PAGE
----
In the first part of the twentieth century few women in western Canada had careers as artists—Pauline Boutal had three: 23 years as a fashion illustrator for the Eaton’s catalogue for the graphic design company, Brigden’s of Winnipeg, 27 years as the Artistic Director at the Cercle Molière Theatre and 70 years as a visual artist. Born in Brittany in 1894, Boutal painted in a traditional style and trained at the Winnipeg School of Art, the Cape Cod School of Art, and at l'Academie de la Grande Chaumiere in Paris, France. She left an important legacy of portraits, landscapes, still lifes, and illustrations as well as theatre sets and costume designs. This English translation of Louise Duguay’s award-winning "Pauline Boutal: Destin d'artiste 1894–1992" shares the story of an important artist who lived an exceptional life.
Today a great number of Boutal’s works can be found in major private and corporate collections across Canada. For her contribution to the French culture and theatre in Canada, Boutal was awarded numerous prestigious prizes, including the Order of Canada. In addition to thousands of sketches, illustrations, and paintings, Boutal also left a rich legacy of letters, speeches and interviews at the Centre du Patrimoine Canadien. Drawing on these sources, Louise Duguay has created a work that honours the best of biography and autobiography.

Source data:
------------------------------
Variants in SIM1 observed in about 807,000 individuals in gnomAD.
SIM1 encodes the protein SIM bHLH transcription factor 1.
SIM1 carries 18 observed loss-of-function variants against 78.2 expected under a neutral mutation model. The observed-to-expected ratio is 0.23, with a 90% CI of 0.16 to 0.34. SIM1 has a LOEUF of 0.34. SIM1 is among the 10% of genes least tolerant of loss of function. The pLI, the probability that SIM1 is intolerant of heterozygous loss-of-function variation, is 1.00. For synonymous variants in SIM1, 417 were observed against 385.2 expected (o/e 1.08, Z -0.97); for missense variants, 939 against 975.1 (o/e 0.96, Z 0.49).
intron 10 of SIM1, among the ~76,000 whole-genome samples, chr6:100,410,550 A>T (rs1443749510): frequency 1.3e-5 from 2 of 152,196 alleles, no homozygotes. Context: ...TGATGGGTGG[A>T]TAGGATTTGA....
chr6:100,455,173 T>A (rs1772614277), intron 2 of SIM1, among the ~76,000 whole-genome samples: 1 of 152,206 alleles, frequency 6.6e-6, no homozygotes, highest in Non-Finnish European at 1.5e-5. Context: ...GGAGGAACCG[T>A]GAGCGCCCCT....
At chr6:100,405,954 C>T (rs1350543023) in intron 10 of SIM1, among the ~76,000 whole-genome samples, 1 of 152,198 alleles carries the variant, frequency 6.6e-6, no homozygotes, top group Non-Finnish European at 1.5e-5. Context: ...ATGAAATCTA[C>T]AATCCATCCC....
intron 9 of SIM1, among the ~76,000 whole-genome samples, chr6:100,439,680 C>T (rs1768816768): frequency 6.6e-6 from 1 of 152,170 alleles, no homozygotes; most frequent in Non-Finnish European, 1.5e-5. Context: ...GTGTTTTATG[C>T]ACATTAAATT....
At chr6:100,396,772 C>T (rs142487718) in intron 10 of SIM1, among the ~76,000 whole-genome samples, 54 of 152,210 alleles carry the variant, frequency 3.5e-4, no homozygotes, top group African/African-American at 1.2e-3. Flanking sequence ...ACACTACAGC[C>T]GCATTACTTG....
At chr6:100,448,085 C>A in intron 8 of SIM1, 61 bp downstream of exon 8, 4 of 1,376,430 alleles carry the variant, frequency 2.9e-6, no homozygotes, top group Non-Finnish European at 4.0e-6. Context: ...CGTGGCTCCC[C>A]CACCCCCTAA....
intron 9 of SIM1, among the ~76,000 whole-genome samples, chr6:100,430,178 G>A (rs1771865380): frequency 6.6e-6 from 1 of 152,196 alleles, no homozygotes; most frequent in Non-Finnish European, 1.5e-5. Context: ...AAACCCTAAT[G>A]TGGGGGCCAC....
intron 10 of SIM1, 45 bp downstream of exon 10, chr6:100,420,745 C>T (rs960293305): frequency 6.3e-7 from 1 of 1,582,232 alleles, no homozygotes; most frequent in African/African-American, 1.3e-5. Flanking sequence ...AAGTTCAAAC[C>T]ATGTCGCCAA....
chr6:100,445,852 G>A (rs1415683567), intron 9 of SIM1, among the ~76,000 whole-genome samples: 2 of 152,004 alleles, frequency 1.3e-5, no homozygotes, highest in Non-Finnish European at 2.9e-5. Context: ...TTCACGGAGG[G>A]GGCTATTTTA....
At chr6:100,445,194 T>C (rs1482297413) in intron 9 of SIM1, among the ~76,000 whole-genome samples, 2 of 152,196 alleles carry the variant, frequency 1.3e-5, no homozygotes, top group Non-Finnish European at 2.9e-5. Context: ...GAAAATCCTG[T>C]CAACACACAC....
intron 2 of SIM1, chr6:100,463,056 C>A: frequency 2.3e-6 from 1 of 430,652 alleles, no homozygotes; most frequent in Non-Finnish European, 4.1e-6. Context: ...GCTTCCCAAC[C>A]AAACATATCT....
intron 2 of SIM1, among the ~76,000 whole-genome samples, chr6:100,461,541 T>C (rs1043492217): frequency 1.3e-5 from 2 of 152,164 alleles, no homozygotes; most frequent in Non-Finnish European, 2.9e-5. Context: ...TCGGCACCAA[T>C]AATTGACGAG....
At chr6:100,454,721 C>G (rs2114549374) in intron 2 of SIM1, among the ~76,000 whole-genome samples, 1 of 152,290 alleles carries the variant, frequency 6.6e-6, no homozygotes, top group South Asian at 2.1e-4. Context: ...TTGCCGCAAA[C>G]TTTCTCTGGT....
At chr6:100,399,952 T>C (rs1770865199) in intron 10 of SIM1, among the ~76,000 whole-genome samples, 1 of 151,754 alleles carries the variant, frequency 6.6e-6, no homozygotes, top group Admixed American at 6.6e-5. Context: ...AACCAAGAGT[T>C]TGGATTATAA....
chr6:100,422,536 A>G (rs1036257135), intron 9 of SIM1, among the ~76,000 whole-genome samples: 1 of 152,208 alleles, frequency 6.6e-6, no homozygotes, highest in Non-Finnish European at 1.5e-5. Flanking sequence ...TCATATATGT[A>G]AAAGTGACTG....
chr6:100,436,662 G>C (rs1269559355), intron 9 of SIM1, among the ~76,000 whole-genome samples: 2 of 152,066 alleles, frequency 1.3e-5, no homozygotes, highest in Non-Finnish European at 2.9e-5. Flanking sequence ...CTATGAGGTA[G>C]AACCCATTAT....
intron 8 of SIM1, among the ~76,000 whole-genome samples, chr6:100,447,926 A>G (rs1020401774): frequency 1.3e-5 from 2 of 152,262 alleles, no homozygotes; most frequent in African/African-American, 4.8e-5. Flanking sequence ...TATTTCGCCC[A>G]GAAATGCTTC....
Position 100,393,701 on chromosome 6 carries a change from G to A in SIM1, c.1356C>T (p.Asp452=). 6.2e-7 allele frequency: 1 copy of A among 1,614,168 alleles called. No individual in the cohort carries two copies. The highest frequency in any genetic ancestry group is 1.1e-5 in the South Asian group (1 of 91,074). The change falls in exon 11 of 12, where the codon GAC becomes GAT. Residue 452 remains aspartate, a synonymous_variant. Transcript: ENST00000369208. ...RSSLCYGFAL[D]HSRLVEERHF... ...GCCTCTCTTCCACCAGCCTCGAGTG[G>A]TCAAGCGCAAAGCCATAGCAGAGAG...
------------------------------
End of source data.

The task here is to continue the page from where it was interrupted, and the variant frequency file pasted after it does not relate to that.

About the authors
Born in St. Boniface, Louise Duguay holds a BEd and MA from the University of Manitoba and a diploma in fashion design from Sheridan College. She is the program coordinator and instructor for the Multimedia Communications program at the University of St. Boniface. Louise sits on the board of directors of both MAWA (Mentoring Artists for Women’s Art) and the Winnipeg Arts Council, where she is a member of the Public Art Committee.
S.E. Stewart has translated poetry, plays, film scripts and fiction, as well as various non-fiction texts on literary, performing, visual and media arts. She holds an MFA in Creative Writing from the University of British Columbia and studied translation at the Université Laval.
"Given the scarcity of art historical scholarship on Manitoba art, there is reason to celebrate the appearance of this groundbreaking work on Boutal (1894-1992), the most important Franco-Manitoban artist of the mid-twentieth century. For this, we owe a debt to Louise Duguay."
Great Plains Quarterly